The phrase “learning loss” came under criticism shortly after it started being used to describe what students experienced as a result of remote and hybrid learning during the last 18 months. With the pandemic already exacerbating a long list of educational inequities, the thinking goes, the last thing kids need is to be told they have lost something that it was not in their power to gain. I’m among those who think the phrase “learning loss,” along with its purported solution, “remediation,” can cause more problems than they solve. They epitomize deficit thinking, which can be perceived as accusatory by those on the receiving end—an impediment to engagement that can lead students and families to turn their backs on school. There’s also ample evidence that remediation is terrible at helping students learn and progress. This is why we’ve all been hearing about “accelerating learning” lately.
Our expert researchers, evaluators, and veteran educators synthesize information gleaned from our research and blend it with best practices gathered from schools and districts around the world to bring you insightful and practical ideas that support changing the odds of success for you and your students. By aligning practice with research, we mix professional wisdom with real world experience to bring you unexpectedly insightful and uncommonly practical ideas that offer ways to build student resiliency, close achievement gaps, implement retention strategies, prioritize improvement initiatives, build staff motivation, and interpret data and understand its impact.
As schools make plans to return to in-person instruction in the fall, many are having crucial conversations about how to best use their staff resources to support students. One of these conversations centers on how to use instructional coaches in the upcoming year. As many coaches are considered “teachers on special assignment” and occupy a teacher’s salary, school leaders have begun to ask if there are better uses for their coaches. But coaching is an investment that benefits the quality of teaching throughout an entire school or district.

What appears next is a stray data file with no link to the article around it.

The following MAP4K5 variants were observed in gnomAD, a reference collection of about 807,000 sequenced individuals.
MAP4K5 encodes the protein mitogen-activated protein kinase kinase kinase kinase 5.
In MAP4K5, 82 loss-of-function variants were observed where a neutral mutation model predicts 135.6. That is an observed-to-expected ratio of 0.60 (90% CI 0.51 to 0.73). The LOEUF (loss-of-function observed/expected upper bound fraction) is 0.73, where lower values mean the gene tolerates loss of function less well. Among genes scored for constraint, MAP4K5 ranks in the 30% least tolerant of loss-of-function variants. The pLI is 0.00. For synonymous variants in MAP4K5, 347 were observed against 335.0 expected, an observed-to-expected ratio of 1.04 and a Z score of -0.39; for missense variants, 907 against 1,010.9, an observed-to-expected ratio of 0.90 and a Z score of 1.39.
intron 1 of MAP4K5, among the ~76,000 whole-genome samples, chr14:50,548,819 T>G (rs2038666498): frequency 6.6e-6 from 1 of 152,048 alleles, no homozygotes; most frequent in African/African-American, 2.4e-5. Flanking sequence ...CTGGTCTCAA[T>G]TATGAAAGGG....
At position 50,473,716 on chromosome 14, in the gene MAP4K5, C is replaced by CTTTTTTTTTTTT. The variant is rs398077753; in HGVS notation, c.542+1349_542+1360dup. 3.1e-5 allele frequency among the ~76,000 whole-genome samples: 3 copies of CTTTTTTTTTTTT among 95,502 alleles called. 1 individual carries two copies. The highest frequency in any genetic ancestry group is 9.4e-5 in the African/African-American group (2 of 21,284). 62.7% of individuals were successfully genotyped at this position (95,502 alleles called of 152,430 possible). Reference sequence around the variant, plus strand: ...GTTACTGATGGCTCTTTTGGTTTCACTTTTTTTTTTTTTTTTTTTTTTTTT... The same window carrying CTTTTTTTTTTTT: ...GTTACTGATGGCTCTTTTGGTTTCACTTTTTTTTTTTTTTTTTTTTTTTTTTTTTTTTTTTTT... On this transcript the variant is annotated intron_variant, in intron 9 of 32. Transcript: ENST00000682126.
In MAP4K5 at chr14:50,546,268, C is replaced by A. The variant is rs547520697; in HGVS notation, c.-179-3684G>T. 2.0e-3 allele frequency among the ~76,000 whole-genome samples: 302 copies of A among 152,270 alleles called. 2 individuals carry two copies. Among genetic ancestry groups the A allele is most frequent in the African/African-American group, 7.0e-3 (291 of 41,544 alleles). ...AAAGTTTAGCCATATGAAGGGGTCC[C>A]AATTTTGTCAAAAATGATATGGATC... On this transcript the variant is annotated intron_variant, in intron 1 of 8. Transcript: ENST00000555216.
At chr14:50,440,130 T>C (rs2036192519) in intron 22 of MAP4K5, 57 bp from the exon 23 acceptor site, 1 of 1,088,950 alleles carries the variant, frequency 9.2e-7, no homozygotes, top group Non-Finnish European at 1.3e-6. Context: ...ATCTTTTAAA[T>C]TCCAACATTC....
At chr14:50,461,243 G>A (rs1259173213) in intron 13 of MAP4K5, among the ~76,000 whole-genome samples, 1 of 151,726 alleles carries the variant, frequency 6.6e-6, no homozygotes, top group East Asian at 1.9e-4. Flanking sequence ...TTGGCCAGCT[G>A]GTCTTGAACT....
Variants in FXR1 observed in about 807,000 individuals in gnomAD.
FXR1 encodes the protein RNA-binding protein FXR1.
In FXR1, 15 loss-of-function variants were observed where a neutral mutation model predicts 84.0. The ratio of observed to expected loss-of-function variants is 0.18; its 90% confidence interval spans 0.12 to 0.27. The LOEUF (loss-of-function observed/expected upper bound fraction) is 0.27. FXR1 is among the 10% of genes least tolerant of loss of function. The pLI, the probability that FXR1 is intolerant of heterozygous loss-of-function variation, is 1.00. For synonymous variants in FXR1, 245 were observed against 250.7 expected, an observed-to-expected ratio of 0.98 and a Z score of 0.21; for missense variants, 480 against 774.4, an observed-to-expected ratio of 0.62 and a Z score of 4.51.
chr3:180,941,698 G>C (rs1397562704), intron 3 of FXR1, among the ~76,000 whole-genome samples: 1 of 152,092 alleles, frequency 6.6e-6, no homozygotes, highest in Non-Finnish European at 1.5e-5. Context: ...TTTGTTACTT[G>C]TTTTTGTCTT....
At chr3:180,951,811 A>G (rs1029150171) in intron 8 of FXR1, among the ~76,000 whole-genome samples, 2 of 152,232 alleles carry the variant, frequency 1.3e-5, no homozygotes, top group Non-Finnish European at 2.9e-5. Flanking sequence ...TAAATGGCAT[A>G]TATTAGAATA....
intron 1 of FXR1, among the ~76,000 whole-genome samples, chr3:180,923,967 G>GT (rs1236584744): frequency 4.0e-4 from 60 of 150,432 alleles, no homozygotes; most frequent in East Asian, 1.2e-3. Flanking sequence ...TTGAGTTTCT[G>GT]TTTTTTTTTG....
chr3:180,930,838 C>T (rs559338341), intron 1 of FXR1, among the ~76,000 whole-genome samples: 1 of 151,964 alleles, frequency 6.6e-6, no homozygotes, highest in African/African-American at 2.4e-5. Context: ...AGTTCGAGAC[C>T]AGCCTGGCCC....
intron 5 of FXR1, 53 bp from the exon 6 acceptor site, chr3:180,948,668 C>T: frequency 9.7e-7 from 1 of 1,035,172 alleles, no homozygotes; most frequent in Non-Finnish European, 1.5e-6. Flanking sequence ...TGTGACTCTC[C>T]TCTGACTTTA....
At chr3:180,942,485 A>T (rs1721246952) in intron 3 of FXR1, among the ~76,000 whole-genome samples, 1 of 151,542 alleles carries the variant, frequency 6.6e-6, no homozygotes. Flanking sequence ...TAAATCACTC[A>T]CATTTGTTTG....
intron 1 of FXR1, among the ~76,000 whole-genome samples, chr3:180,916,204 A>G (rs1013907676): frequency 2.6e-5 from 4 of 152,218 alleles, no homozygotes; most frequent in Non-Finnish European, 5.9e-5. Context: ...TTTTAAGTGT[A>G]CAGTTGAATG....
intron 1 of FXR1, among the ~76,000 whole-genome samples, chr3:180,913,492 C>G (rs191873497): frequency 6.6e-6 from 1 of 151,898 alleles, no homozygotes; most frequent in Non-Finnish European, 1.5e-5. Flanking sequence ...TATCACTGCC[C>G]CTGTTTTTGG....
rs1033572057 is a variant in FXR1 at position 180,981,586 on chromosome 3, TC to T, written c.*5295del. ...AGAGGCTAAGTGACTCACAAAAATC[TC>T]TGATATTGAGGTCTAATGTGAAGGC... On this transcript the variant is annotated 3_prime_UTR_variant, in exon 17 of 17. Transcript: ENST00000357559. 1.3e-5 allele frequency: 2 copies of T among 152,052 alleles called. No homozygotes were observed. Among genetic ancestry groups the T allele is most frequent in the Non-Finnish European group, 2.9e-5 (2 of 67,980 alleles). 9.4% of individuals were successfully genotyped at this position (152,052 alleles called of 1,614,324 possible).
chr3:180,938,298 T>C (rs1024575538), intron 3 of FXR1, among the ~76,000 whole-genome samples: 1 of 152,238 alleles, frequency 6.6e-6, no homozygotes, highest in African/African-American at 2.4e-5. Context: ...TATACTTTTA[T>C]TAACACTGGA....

Many of the challenges that schools face heading into 2021-22 are technical in nature; the organization already possesses the knowledge needed to solve them. Others, however, are “adaptive” challenges that will require entirely new ways of thinking, working, and leading . . . and lots of collaboration.
We have all been through a very difficult, traumatic year-plus. The transition back to in-person school this spring or in the fall is an important time to strengthen and forge relationships—to rebuild routines and rituals or make new ones to create a community at school. It is a critical opportunity for educators to address attendance in a meaningful way. Educators can provide clear structures and expectations that say, We want to see you every day and help students and families get back into a regular routine of showing up to class.
We often view damage—for example, in a car, home, or relationship—as something beyond repair. Or if repaired, it may never again be as good as new. Without a doubt, many students have experienced trauma during this pandemic. They may have been forced to move, gone hungry or faced food insecurity, watched helplessly as parents lost their jobs, seen relationships fray, and experienced their own raft of powerful emotions. Yet it’s important that we—and they—see that they need not be permanently damaged by these experiences, and I believe that social-emotional learning (SEL) can help accomplish this.
Certain outdated and disproven ideas in education really ought to die but never seem to get around to it. McREL CEO Bryan Goodwin explains why we should be afraid, very afraid, of some concepts that still walk the earth in his Research Matters column for the May 2021 edition of ASCD’s Educational Leadership magazine.
At long last, the end of the pandemic may finally be in sight. As of this writing, COVID-19 is not yet behind us, but we can at least see some breaks in the clouds, so to speak. Vaccines are now widely available, infection rates are dropping in many places, and more schools are back to in-person learning—or planning now to be back next school year. Soon, we will re-emerge from the pandemic and, like after any storm, we’ll begin to survey the aftermath. In an upcoming series of blog posts, we’ll explore some key areas educators should consider as they return to in-person teaching and learning—sharing insights from research and our positive approach to help you see and build on spots in your own schools and classrooms.